A Look into the Journey of a Bilingual SLP Grad Student

After moving from Puerto Rico to Ridgewood, Queens in New York City at the age of 10, Angelica Gonzalez is an ambitious student clinician studying to become a speech language pathologist, with a great career on the horizon.


1.  It seems like, having known you a year, that you work nonstop. What does a typical day look like for you while in your last year of grad school?

“On the weekdays, I wake up at 5 a.m. in order to prepare for my two externships which both start at 8 a.m. and occur on alternating days.  After finishing a work day at an externship, I work full-time at a not-for-profit called Quality Services for the Autism Community (QSAC) as both a Bilingual Medicaid Service Coordinator (MSC) and MSC Documentation Specialist.  In order to make up my full-time hours at work, I also work on the weekends.  In other words, I have been working practically every single day during graduate school.  Most of my study hours are on weekends and typically occur late in the evening.  I am dependent on this routine, so that I can pay for basic necessities (rent, groceries) while in school.”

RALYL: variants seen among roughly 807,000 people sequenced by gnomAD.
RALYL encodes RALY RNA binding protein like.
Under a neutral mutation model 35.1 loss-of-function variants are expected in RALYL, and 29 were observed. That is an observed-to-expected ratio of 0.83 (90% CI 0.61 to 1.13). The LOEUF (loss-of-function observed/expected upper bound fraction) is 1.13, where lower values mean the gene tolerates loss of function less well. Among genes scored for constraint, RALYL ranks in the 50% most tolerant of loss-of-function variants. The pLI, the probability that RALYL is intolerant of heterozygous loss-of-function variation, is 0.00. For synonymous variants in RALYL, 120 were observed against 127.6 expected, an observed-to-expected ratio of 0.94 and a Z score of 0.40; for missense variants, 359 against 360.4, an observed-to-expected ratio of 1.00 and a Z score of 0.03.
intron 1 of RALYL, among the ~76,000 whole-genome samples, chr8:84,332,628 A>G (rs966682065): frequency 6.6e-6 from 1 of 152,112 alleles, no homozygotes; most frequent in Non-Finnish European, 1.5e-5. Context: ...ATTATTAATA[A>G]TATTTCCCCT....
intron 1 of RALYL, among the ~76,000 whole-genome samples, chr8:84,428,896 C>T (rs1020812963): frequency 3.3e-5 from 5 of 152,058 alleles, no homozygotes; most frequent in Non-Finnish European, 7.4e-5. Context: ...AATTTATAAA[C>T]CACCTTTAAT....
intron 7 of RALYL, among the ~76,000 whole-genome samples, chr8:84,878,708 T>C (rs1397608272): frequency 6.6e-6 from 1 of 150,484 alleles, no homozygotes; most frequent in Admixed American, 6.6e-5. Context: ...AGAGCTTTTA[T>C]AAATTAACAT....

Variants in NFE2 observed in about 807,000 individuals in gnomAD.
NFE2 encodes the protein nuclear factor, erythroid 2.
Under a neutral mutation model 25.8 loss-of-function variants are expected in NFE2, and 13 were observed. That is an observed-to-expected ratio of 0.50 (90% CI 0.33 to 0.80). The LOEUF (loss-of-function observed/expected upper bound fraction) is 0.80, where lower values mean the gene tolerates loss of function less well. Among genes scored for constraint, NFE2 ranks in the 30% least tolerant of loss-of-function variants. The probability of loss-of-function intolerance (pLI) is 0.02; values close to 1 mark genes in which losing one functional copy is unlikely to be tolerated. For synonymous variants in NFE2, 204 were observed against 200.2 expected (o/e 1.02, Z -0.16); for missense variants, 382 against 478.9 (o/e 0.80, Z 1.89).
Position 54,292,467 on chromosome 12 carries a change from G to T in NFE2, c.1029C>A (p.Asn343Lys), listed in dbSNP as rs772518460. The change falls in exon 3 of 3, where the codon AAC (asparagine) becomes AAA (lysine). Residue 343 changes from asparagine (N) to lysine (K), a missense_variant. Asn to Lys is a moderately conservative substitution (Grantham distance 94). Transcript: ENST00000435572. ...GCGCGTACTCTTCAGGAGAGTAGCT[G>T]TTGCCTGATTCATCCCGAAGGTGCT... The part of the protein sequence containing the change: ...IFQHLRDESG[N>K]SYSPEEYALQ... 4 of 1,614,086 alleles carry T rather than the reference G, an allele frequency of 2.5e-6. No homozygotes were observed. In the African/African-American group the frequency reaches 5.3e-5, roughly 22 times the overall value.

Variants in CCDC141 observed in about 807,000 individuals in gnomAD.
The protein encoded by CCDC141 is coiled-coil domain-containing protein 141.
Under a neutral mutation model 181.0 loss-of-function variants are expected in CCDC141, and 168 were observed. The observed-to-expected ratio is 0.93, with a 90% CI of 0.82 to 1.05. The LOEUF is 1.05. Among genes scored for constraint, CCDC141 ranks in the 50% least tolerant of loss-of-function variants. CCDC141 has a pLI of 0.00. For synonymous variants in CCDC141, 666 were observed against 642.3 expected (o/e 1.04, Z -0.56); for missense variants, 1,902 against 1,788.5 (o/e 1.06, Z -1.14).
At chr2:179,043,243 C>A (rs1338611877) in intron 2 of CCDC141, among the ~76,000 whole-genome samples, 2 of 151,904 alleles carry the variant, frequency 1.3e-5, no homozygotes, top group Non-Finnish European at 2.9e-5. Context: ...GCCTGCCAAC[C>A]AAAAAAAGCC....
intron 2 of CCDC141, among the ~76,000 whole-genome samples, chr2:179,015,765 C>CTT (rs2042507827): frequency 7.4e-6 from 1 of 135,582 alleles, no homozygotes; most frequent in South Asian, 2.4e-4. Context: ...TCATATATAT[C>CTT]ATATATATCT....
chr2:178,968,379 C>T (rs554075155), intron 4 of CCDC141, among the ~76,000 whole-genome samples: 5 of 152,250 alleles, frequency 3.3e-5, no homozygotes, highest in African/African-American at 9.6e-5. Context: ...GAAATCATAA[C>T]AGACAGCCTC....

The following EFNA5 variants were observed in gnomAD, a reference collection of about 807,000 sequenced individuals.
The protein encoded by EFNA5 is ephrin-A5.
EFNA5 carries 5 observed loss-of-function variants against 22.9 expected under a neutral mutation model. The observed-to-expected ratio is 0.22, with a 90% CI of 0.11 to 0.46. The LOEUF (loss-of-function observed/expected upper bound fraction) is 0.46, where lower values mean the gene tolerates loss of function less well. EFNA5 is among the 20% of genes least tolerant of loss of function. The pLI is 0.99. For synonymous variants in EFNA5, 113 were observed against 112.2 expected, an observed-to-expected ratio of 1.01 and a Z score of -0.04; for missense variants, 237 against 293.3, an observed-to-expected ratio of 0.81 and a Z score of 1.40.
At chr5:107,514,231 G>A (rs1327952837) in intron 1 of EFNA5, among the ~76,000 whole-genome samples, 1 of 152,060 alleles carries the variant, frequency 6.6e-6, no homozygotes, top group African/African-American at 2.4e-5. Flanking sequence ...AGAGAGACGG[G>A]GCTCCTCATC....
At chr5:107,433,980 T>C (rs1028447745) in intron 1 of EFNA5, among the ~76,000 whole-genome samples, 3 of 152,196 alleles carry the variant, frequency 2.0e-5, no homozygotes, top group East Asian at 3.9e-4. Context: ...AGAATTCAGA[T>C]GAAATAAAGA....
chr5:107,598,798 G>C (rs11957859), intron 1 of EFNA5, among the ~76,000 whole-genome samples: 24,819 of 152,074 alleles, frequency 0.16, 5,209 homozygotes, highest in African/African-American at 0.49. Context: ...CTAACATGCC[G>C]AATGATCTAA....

2.  Describe your educational background in Puerto Rico and the United States.  Did you speak English in Puerto Rico?  When you first arrived here, did you have any difficulty in an academic environment when working in the English language?

“Fortunately, I was raised from birth as a simultaneous bilingual.  That is to say, we spoke Spanish and English interchangeably at home.  In Puerto Rico, I was in a private school where all of my classes and textbooks were in English except for Spanish class.  Most of my teachers in elementary school had a Spanish accent when speaking in English which in turn influenced my pronunciation of words in English.  The education system in P.R. […]

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